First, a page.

An Allegorical Boat

From The Libertarian Labyrinth
Revision as of 19:05, 10 May 2014 by Shawn P. Wilbur (Talk | contribs) (1 revision)

(diff) ← Older revision | Latest revision (diff) | Newer revision → (diff)
Jump to: navigation, search

Bolton Hall. "An Allegorical Boat."

Publishing history


THAT ridiculous Genius could have made a fortune if he would only have painted things as other people see them. Now there is a good demand for pictures of "War" and "Peace" "War" has a regiment of men, nicely dress-parading up a hill at double-quick. There is some smoke in the middle distance. Here and there a man has softly fallen,—presumably killed for effect,—a gray war-charger, and so on.

"Peace" has one of the same sort of men, immeasurably smug, with a woman's arm on his neck and several stolid children, apparently waiting to be told that they may go. Some fruit and a workman's cap—

The Boating pictures ought to be of eight neat collegians with a little coxswain. The faces should look like Cheshire cheeses, and the figures like tailors' dummies. That sort of picture sells. People like that kind.

But this man, when he got an order, put in the foreground of his battle-piece a greenish corpse, torn from the hip to the neck, and a wretch trying to drag himself off the dusty road, with his bowels trailing in his shadow, and— Well, I won't describe it. His "Peace" was a picture of a ragged orphaned babe, with cavernous face. From dirt and neglect, ulcers— But there! If I were to tell you about his pictures as they are, you would not buy my book. The worst of it was that he labelled them "Savagery" and "Civilization."

But I was going to tell you about the boat. It was to be a picture of "Progress in the Nineteenth Century." Well, on one side, in front of the boat, he had a lot of people lolling at their ease. They had whips in their hands, and seemed to be making the ragged people in the stern do the rowing. And all the poor-looking people were on the same side, too, so that the boat tipped over frightfully. The helmsman was perched away up on the gunwale, trying to keep the balance; and he must have been neglecting his steering, for you could see a half-circle of foam in their wake.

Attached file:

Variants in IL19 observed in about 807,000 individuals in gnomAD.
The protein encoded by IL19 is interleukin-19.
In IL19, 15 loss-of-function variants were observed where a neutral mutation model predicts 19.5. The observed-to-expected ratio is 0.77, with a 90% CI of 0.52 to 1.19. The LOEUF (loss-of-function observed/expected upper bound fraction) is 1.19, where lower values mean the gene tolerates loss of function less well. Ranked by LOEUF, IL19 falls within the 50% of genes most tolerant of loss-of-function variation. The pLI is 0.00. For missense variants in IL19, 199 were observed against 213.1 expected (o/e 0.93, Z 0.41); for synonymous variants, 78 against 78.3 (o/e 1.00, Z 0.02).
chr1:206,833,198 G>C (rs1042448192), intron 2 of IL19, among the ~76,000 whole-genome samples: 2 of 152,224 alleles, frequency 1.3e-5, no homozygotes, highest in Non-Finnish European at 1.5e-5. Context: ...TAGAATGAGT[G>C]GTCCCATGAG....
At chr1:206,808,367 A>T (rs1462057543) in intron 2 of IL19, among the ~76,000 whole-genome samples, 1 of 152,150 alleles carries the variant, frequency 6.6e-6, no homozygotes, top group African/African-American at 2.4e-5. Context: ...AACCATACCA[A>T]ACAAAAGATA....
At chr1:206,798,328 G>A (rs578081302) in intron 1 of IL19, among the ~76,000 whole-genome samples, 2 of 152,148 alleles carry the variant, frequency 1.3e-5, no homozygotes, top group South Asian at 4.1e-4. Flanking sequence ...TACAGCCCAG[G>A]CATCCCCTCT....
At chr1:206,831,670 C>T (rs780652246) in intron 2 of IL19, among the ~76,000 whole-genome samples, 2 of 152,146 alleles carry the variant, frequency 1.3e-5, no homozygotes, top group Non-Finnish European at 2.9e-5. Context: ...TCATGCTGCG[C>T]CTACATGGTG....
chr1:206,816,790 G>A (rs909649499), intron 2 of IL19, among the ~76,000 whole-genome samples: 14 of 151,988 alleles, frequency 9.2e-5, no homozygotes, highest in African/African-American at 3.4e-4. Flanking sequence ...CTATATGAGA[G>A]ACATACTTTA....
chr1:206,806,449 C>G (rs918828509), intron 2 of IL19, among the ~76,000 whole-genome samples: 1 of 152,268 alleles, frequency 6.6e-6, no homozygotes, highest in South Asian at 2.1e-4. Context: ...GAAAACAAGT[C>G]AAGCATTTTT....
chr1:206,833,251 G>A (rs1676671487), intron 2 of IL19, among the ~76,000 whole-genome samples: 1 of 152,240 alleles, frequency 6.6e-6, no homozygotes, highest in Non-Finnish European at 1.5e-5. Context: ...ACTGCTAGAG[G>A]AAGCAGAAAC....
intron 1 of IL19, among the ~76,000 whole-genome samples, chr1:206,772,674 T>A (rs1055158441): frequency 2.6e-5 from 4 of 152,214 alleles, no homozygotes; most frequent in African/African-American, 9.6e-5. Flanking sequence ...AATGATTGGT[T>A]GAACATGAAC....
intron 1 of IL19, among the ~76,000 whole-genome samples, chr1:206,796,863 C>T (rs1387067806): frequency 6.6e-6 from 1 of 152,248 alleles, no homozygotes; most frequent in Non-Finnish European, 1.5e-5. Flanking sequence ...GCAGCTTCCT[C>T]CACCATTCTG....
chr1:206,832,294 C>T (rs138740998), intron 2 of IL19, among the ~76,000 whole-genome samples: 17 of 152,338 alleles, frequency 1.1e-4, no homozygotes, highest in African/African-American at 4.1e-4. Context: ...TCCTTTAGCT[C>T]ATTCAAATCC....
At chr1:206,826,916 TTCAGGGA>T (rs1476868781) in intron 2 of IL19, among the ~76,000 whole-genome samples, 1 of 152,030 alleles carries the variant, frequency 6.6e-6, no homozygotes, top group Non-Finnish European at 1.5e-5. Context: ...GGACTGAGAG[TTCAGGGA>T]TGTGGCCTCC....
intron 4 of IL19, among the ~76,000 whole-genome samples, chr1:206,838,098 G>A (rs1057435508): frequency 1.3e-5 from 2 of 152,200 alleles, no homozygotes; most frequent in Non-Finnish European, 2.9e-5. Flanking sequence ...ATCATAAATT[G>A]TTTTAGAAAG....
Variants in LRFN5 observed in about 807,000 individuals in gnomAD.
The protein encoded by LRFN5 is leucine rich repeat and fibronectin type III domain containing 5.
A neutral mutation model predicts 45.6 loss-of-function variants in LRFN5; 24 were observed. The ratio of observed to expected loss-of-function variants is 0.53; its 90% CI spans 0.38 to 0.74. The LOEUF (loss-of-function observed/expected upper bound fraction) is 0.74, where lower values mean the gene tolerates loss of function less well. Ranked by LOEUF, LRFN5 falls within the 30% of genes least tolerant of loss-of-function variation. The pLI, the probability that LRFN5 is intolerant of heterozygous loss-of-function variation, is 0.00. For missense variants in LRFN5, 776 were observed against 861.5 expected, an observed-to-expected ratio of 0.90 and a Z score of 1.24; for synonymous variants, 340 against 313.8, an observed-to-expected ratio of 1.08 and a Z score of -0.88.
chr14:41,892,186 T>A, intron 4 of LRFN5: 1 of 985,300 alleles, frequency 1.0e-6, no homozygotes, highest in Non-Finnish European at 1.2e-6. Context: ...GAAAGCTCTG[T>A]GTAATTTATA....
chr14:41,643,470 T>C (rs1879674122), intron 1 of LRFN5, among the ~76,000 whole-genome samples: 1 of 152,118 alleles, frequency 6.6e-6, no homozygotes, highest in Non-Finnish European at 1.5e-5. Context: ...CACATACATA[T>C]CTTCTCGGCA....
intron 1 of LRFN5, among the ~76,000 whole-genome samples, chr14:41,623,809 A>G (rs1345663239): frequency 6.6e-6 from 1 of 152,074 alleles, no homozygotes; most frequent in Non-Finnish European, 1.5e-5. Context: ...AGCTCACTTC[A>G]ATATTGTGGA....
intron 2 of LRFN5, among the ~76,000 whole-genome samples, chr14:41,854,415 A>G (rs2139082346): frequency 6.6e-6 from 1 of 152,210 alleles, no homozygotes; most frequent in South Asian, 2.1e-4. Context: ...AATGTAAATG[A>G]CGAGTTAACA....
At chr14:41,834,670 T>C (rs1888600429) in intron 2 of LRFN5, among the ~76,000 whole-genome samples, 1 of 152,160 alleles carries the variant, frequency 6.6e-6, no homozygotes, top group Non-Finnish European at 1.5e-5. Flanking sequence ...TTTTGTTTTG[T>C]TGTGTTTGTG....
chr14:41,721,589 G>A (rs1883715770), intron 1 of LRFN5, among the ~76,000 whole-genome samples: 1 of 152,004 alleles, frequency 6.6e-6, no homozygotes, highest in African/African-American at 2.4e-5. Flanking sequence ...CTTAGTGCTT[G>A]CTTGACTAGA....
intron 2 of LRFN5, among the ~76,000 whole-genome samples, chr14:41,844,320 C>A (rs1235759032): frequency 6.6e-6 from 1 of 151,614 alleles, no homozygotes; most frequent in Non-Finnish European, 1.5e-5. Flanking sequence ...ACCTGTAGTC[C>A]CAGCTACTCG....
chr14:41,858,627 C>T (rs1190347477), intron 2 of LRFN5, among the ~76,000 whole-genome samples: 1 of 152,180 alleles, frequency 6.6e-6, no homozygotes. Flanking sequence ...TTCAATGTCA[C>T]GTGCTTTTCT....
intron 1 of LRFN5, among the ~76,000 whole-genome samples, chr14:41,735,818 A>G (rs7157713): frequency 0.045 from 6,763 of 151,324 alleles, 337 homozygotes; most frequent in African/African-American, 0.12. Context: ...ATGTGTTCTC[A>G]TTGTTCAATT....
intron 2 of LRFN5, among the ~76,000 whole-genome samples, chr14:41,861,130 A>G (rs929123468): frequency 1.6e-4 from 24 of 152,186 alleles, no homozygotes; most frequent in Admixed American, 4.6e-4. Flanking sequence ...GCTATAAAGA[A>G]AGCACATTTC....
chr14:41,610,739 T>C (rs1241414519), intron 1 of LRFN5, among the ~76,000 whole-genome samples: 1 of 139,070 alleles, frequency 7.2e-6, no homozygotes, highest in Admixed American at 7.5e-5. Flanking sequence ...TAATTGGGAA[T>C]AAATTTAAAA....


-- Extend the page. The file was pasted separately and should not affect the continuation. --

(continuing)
I asked my Genius what that meant, besides meaning that the picture would be thrown back on his hands. He said "the boat is Society, and the people in the front are the cunning and the strong, who have compelled the lower classes to leave their places and to toil for them. That was the reason that all were on one side of the boat. The intelligent helmsman is doing the best he can to keep things straight. The figure with the seraphic face, not quite finished, is just an ordinary crank, climbing up on an oar rigged out over the tilting side, and sacrificing comfort and endangering his support to correct a result of social wrong." Now, if Moses or Jeremiah had painted a thing like that in biblical times, it might have sold. Besides, they weren't dependent upon the public. But for a commercial painter! Why, he could no more do it than an editor could admit that the "policy" of the paper came from the counting-house. My painter is a totally impracticable man.